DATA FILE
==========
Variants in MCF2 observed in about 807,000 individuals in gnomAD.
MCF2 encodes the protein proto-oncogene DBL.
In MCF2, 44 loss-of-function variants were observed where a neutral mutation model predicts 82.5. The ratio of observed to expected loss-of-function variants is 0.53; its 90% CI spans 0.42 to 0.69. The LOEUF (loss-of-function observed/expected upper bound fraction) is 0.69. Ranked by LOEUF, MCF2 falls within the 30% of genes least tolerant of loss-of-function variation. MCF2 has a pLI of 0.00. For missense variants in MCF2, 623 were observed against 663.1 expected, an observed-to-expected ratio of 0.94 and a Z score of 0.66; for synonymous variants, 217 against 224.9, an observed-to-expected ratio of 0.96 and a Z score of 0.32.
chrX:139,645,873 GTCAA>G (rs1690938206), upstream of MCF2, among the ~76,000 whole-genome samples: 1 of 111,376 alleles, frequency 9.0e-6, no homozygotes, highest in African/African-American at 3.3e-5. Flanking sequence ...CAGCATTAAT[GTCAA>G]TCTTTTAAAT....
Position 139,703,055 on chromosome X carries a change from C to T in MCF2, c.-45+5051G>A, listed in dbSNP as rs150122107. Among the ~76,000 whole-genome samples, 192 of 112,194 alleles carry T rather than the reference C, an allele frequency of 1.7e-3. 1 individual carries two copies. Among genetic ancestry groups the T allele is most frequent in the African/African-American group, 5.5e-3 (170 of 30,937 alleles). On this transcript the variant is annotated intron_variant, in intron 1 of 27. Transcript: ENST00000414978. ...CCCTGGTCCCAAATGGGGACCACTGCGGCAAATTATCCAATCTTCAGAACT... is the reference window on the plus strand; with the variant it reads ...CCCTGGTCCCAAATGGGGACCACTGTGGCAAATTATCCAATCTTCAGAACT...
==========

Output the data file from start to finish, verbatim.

Variants in MCF2 observed in about 807,000 individuals in gnomAD.
MCF2 encodes the protein proto-oncogene DBL.
In MCF2, 44 loss-of-function variants were observed where a neutral mutation model predicts 82.5. The ratio of observed to expected loss-of-function variants is 0.53; its 90% CI spans 0.42 to 0.69. The LOEUF (loss-of-function observed/expected upper bound fraction) is 0.69. Ranked by LOEUF, MCF2 falls within the 30% of genes least tolerant of loss-of-function variation. MCF2 has a pLI of 0.00. For missense variants in MCF2, 623 were observed against 663.1 expected, an observed-to-expected ratio of 0.94 and a Z score of 0.66; for synonymous variants, 217 against 224.9, an observed-to-expected ratio of 0.96 and a Z score of 0.32.
chrX:139,645,873 GTCAA>G (rs1690938206), upstream of MCF2, among the ~76,000 whole-genome samples: 1 of 111,376 alleles, frequency 9.0e-6, no homozygotes, highest in African/African-American at 3.3e-5. Flanking sequence ...CAGCATTAAT[GTCAA>G]TCTTTTAAAT....
Position 139,703,055 on chromosome X carries a change from C to T in MCF2, c.-45+5051G>A, listed in dbSNP as rs150122107. Among the ~76,000 whole-genome samples, 192 of 112,194 alleles carry T rather than the reference C, an allele frequency of 1.7e-3. 1 individual carries two copies. Among genetic ancestry groups the T allele is most frequent in the African/African-American group, 5.5e-3 (170 of 30,937 alleles). On this transcript the variant is annotated intron_variant, in intron 1 of 27. Transcript: ENST00000414978. ...CCCTGGTCCCAAATGGGGACCACTGCGGCAAATTATCCAATCTTCAGAACT... is the reference window on the plus strand; with the variant it reads ...CCCTGGTCCCAAATGGGGACCACTGTGGCAAATTATCCAATCTTCAGAACT...